Ok, I'm done...sorry, couldn't help myself.

God bless this great country, and ALL of those wonderful men & women out there protecting not just this country, but this world, from those too cowardly to fight in the open w/o a scarf on their face!

I was goig to deliver my papers...i was in HS at the time. it was a balmy 22 degrees in anchorage alaska. I flipped on the news at 5am and thats what i saw. then it dawned on me...my own mom was supposed to be in a meeting with the bigwigs at Raytheon in tower #1. My heart sank. I called my moms cell phone (no answer...circuts busy) and woke up my dad (who ended up going in as soon as i woke him, he was in the USAF at the time)...

just a horrible horrible day. the only thing that made it good was that my mother was 10 blocks away in a cab running late for her meeting...but we didnt find that out until later that day...so for a good part of the day we thought we had lost her.

It was that day that sealed the deal on my joining the army.

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SWO: As you know, I am familiar with DC, and can only imagine what that was like! It's tough enough to get around at 2:00pm on any given Tuesday down there.

At the end of this day, I am always exhausted due to the adrenaline fueled moments of utter rage I still feel pumping through my veins. But, as many of you old-timers have witness with me over the years, I've calmed down a lot. But on this day, it pumps through me like a freight train. I'll refrain from a rant though. I think I've posted enough of them on here over the years.

My dad was running down the runway at KC on a flight to NYC, when the pilot abrubtly pulled the throttles and stood on the brakes. He came over the radio and said "something has happened in NYC and the FAA has ordered a nationwide airspace closure". He's a former Air Force pilot and new whatever it was, was something beyond our history, if the FAA took measures like that.

I, was working in B'ham Alabama at a commercial real estate shop. I remember walking out of my apartment and turning off the TV as Katie Curic was just comming on with news of a small plane hitting the WTC. I had just got my 01' Maxima and was looking forward to a nice, cool, clear morning drive in it. Had the windows down, roof open, and enjoying the 1st new car I had bought on my own. I sat in our conference room on the 25th floor of the SouthTrust Tower "main tower of downtown Birmingham", watching 9/11 unfold. As our fellow Alabama members will confirm, that tower use to have a big "S" on the top, that looked like a "{:content:}quot;. We evacuated faster than rabbits. I, and a real estate saleman buddy of mine were at the Oak Hill Bar in Homewood Village by 2:00 pm, having a beer and in shock.

What a horrible day....just horrible.

Ok..one rant: We haven't "officailly" caught Osama Bin Buttchecked because we've pimped him out as the basis for our involvment in the middle east. I think if we had done a snatch-n-grab on him, then closed the book, we'd of had another just like him crop up, and another and another with no real military presence to combat it there. I also think Iraq was nothing more than a battle-ground for the fight. Afghanastan with it's mountainous terrain was too difficult. But in the open dessert...it was target practice. We showed up, and said "let's get it on". I think capturing him early, would of been sort of like when you capture a low-level drug dealer. Instead of arresting him, you use him as a plant to lead you all those who support him. Then you kill the *BLEEP*s Clint Eastwood style!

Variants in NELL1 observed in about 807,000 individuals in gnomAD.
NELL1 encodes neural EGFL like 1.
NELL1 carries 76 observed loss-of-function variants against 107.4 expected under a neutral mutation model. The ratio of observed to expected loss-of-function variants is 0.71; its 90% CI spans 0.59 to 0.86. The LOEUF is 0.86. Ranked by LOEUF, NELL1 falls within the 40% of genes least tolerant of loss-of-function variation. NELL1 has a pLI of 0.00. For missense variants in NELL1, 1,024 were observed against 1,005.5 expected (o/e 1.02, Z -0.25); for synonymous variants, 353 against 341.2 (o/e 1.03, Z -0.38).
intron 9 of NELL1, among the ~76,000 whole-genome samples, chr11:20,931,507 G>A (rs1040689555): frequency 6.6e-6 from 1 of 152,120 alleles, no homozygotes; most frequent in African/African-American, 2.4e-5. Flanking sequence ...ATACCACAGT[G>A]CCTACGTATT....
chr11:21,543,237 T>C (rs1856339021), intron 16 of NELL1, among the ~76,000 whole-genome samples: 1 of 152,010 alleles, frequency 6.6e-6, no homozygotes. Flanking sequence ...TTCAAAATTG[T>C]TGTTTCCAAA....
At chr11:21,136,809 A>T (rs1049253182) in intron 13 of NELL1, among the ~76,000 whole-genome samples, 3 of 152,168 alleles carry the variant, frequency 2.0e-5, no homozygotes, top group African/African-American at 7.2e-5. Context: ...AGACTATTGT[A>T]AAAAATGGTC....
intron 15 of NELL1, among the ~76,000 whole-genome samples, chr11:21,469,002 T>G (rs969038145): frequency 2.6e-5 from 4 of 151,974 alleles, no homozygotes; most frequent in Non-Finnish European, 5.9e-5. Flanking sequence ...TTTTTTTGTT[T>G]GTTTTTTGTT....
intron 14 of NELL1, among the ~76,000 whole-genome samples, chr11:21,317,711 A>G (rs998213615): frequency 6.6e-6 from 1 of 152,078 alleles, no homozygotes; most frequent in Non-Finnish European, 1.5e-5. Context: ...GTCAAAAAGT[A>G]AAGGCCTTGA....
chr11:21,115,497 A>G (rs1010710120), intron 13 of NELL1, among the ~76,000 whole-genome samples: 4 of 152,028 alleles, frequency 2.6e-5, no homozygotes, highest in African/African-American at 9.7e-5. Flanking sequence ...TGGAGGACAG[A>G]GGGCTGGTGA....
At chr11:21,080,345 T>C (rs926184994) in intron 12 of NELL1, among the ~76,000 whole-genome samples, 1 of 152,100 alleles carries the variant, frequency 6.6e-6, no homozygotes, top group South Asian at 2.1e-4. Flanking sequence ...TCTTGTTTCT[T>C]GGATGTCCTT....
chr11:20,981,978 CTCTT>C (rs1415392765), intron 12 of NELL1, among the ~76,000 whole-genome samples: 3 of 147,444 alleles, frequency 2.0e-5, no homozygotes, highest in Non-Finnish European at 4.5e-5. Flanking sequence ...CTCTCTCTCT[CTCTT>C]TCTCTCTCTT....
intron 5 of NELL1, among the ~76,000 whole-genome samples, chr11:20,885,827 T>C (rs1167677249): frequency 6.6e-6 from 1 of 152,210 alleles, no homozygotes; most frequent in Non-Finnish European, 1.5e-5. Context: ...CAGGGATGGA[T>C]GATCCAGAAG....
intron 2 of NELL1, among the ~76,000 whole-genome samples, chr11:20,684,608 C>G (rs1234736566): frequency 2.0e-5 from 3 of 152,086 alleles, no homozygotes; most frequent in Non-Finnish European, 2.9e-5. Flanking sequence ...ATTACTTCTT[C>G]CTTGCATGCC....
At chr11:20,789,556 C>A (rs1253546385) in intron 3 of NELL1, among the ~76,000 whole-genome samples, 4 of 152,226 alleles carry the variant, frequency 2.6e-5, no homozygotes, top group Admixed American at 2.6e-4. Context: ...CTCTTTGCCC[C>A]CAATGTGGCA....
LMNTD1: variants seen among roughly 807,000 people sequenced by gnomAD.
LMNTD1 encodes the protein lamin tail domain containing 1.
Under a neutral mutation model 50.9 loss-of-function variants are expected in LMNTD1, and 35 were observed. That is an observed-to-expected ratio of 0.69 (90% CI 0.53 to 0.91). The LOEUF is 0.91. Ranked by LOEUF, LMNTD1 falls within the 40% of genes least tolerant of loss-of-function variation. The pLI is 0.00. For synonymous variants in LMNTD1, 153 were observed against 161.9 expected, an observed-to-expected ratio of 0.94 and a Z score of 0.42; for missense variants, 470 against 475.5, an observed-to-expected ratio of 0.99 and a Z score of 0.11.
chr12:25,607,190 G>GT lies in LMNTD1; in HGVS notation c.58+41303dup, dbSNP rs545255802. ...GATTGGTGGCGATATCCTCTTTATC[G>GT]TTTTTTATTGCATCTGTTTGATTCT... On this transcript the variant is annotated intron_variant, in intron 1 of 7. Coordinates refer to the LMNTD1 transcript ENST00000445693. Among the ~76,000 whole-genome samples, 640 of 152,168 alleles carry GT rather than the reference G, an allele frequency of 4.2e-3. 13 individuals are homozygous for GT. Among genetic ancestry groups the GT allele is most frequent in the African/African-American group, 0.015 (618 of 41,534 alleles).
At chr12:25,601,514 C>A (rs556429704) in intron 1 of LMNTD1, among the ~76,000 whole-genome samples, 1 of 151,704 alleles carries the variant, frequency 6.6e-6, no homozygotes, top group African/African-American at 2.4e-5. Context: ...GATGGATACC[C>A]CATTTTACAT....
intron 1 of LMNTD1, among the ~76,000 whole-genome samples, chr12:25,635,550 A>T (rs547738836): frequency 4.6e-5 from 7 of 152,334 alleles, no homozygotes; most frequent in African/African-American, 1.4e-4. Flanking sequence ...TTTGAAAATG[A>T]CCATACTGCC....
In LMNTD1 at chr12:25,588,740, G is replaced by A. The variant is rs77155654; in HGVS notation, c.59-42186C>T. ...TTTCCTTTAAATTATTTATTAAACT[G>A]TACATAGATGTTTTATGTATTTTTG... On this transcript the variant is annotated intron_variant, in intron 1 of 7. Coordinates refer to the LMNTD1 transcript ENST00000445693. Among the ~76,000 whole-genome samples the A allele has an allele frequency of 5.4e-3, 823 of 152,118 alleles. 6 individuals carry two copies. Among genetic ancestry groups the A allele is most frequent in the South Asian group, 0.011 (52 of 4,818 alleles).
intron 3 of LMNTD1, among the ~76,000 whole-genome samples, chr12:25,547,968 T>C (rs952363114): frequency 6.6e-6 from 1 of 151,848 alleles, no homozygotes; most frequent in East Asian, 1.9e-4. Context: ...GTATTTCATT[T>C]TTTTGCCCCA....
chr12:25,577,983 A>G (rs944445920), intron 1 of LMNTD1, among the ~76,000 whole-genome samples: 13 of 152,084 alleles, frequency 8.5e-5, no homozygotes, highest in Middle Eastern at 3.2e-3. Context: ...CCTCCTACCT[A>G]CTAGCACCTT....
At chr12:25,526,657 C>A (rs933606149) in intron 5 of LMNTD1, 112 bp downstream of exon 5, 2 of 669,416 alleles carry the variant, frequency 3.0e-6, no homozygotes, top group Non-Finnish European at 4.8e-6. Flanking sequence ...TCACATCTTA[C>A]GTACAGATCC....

Ok, I'm done...sorry, couldn't help myself.

God bless this great country, and ALL of those wonderful men & women out there protecting not just this country, but this world, from those too cowardly to fight in the open w/o a scarf on their face!

I was goig to deliver my papers...i was in HS at the time. it was a balmy 22 degrees in anchorage alaska. I flipped on the news at 5am and thats what i saw. then it dawned on me...my own mom was supposed to be in a meeting with the bigwigs at Raytheon in tower #1. My heart sank. I called my moms cell phone (no answer...circuts busy) and woke up my dad (who ended up going in as soon as i woke him, he was in the USAF at the time)...

just a horrible horrible day. the only thing that made it good was that my mother was 10 blocks away in a cab running late for her meeting...but we didnt find that out until later that day...so for a good part of the day we thought we had lost her.

It was that day that sealed the deal on my joining the army.

Man, what a story! Army, I can only imagine how you felt that day. I'm sure enlistment grew exponentially in the period following. It wasn't a picnic up here during that time either. As you know, all air traffic at the time was barred from landing at any US airports. Our PM at the time, offered Canadian aiports for all the flights that were still in the air and could reach them. Of course, we had no knowledge or gurantees that none of the flights had more terrorists aboard. So, until the skies were empty, there was plenty of tension in the air.

NC, I agree with you that as contradictory as it sounds, Bin Ladin is worth more alive then dead. I would surmise that the plan now would be to embolden Al Quaida with confidence that they can't be found, in order to track as many associates as they can. As with the Hydra, cutting off one head doesn't end the threat. All heads have to roll! What Americans have to incorporate into their lives for the foreseable future is patience and resolve. Patience to get it right, and resolve to get it done!